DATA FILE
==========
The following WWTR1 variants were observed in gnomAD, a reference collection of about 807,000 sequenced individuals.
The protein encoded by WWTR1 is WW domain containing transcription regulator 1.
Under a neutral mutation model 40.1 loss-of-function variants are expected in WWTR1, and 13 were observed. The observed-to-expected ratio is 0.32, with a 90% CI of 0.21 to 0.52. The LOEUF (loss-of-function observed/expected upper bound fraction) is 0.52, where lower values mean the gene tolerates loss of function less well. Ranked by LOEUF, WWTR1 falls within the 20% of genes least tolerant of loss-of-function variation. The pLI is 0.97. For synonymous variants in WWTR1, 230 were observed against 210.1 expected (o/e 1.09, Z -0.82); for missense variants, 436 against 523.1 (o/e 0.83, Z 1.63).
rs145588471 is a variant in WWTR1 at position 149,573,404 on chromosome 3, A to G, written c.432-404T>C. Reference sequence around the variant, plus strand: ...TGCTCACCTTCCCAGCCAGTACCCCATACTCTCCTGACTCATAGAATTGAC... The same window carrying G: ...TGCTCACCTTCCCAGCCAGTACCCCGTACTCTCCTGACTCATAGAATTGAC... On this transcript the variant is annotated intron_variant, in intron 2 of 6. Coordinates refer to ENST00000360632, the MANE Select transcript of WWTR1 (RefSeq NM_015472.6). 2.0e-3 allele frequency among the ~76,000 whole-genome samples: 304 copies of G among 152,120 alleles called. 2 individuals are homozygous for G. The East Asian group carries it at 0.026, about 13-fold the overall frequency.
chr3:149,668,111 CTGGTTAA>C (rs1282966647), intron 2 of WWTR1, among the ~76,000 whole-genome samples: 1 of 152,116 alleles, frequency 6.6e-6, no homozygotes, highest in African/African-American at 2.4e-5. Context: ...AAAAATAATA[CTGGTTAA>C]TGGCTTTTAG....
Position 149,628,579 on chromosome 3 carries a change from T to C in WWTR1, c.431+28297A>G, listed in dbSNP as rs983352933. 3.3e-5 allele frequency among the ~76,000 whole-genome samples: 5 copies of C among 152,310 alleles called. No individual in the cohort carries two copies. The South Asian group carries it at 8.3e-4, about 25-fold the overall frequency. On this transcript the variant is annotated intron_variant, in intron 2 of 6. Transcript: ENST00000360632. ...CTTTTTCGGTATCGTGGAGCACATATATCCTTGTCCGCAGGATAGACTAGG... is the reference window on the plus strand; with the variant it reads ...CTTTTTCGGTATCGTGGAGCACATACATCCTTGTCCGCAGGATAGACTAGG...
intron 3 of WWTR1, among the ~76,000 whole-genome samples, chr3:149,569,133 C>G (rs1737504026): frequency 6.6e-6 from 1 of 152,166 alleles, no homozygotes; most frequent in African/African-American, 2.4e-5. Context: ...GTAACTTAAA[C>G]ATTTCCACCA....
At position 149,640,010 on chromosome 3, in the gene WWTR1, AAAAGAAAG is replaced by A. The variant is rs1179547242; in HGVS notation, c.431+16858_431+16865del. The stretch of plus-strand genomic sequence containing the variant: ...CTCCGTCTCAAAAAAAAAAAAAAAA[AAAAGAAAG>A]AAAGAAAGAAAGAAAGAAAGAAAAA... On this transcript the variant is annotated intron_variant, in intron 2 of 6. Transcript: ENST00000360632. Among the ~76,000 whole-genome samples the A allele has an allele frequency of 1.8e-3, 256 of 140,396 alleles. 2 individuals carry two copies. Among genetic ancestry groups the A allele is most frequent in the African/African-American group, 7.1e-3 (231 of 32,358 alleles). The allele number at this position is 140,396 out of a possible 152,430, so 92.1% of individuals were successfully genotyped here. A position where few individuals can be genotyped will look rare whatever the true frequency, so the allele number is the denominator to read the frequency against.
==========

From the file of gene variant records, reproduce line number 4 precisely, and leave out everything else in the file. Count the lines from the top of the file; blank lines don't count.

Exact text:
rs145588471 is a variant in WWTR1 at position 149,573,404 on chromosome 3, A to G, written c.432-404T>C. Reference sequence around the variant, plus strand: ...TGCTCACCTTCCCAGCCAGTACCCCATACTCTCCTGACTCATAGAATTGAC... The same window carrying G: ...TGCTCACCTTCCCAGCCAGTACCCCGTACTCTCCTGACTCATAGAATTGAC... On this transcript the variant is annotated intron_variant, in intron 2 of 6. Coordinates refer to ENST00000360632, the MANE Select transcript of WWTR1 (RefSeq NM_015472.6). 2.0e-3 allele frequency among the ~76,000 whole-genome samples: 304 copies of G among 152,120 alleles called. 2 individuals are homozygous for G. The East Asian group carries it at 0.026, about 13-fold the overall frequency.